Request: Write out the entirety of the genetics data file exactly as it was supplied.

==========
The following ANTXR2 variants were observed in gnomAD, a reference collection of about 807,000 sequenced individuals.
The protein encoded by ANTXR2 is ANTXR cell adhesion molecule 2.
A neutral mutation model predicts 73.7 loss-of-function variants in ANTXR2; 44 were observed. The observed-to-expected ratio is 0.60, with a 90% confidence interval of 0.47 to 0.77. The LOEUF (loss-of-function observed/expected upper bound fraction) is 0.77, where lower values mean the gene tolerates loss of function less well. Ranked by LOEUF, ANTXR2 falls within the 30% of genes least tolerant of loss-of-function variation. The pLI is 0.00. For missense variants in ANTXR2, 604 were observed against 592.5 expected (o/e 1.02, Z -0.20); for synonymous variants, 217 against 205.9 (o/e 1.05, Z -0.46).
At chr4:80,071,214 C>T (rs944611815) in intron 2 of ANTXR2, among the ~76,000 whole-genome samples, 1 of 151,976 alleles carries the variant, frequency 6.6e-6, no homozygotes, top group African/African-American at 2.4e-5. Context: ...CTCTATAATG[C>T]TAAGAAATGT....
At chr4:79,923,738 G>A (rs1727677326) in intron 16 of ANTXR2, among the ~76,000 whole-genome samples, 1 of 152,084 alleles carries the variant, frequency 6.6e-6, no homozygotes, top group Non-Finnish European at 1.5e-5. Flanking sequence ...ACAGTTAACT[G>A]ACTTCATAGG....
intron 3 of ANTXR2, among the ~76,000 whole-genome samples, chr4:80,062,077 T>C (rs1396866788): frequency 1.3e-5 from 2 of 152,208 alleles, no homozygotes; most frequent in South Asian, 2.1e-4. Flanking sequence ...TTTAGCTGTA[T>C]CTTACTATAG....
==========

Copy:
The following ANTXR2 variants were observed in gnomAD, a reference collection of about 807,000 sequenced individuals.
The protein encoded by ANTXR2 is ANTXR cell adhesion molecule 2.
A neutral mutation model predicts 73.7 loss-of-function variants in ANTXR2; 44 were observed. The observed-to-expected ratio is 0.60, with a 90% confidence interval of 0.47 to 0.77. The LOEUF (loss-of-function observed/expected upper bound fraction) is 0.77, where lower values mean the gene tolerates loss of function less well. Ranked by LOEUF, ANTXR2 falls within the 30% of genes least tolerant of loss-of-function variation. The pLI is 0.00. For missense variants in ANTXR2, 604 were observed against 592.5 expected (o/e 1.02, Z -0.20); for synonymous variants, 217 against 205.9 (o/e 1.05, Z -0.46).
At chr4:80,071,214 C>T (rs944611815) in intron 2 of ANTXR2, among the ~76,000 whole-genome samples, 1 of 151,976 alleles carries the variant, frequency 6.6e-6, no homozygotes, top group African/African-American at 2.4e-5. Context: ...CTCTATAATG[C>T]TAAGAAATGT....
At chr4:79,923,738 G>A (rs1727677326) in intron 16 of ANTXR2, among the ~76,000 whole-genome samples, 1 of 152,084 alleles carries the variant, frequency 6.6e-6, no homozygotes, top group Non-Finnish European at 1.5e-5. Flanking sequence ...ACAGTTAACT[G>A]ACTTCATAGG....
intron 3 of ANTXR2, among the ~76,000 whole-genome samples, chr4:80,062,077 T>C (rs1396866788): frequency 1.3e-5 from 2 of 152,208 alleles, no homozygotes; most frequent in South Asian, 2.1e-4. Flanking sequence ...TTTAGCTGTA[T>C]CTTACTATAG....